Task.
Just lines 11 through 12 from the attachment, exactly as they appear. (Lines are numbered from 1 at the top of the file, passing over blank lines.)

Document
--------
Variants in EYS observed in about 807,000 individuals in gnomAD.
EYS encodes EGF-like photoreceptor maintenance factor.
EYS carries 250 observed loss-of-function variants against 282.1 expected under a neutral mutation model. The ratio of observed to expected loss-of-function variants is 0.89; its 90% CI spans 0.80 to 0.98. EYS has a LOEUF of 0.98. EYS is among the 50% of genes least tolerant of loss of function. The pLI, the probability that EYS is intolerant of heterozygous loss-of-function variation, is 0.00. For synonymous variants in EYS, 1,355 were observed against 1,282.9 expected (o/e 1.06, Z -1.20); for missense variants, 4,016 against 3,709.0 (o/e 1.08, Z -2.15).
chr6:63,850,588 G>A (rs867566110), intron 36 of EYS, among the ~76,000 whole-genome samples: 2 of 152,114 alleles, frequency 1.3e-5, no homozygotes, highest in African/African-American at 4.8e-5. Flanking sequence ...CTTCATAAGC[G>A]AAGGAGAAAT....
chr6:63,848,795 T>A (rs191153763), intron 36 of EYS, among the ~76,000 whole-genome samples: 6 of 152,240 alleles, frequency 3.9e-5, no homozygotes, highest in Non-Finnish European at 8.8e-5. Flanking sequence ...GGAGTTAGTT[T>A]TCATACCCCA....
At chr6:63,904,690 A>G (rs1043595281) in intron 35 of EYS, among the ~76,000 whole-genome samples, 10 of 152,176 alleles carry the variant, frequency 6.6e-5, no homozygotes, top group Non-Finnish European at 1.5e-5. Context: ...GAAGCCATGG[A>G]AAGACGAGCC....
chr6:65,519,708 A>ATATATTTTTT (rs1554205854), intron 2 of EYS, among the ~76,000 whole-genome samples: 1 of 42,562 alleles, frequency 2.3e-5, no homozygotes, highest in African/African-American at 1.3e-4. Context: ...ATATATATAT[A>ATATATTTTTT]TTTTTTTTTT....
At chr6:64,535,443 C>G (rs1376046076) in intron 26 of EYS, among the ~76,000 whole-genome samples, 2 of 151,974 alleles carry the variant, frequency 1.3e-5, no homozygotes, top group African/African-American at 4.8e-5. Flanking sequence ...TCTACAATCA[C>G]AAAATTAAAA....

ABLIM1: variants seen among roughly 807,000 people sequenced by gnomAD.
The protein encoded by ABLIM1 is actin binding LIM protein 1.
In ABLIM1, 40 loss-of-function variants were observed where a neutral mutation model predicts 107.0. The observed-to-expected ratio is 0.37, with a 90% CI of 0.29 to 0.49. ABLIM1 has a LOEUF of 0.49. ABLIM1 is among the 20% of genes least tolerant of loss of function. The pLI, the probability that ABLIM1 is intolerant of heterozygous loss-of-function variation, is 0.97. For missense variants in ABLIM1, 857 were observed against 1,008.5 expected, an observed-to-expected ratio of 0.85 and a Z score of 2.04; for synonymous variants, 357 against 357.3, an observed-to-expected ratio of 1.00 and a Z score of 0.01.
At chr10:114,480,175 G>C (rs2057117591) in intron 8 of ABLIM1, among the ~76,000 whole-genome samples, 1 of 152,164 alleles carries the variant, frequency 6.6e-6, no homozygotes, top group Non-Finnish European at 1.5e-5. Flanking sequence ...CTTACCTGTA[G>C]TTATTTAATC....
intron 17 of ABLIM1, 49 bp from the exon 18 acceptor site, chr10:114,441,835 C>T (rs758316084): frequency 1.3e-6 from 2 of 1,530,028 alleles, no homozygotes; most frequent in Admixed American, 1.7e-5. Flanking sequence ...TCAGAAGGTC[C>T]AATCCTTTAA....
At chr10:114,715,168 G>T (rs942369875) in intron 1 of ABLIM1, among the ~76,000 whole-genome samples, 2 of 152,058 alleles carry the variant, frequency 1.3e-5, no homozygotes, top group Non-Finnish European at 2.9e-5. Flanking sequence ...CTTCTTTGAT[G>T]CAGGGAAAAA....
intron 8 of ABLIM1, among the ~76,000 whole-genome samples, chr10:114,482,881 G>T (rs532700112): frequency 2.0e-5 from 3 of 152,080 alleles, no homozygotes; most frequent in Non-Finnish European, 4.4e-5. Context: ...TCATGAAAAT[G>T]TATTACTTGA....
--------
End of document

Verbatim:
In ABLIM1, 40 loss-of-function variants were observed where a neutral mutation model predicts 107.0. The observed-to-expected ratio is 0.37, with a 90% CI of 0.29 to 0.49. ABLIM1 has a LOEUF of 0.49. ABLIM1 is among the 20% of genes least tolerant of loss of function. The pLI, the probability that ABLIM1 is intolerant of heterozygous loss-of-function variation, is 0.97. For missense variants in ABLIM1, 857 were observed against 1,008.5 expected, an observed-to-expected ratio of 0.85 and a Z score of 2.04; for synonymous variants, 357 against 357.3, an observed-to-expected ratio of 1.00 and a Z score of 0.01.
At chr10:114,480,175 G>C (rs2057117591) in intron 8 of ABLIM1, among the ~76,000 whole-genome samples, 1 of 152,164 alleles carries the variant, frequency 6.6e-6, no homozygotes, top group Non-Finnish European at 1.5e-5. Flanking sequence ...CTTACCTGTA[G>C]TTATTTAATC....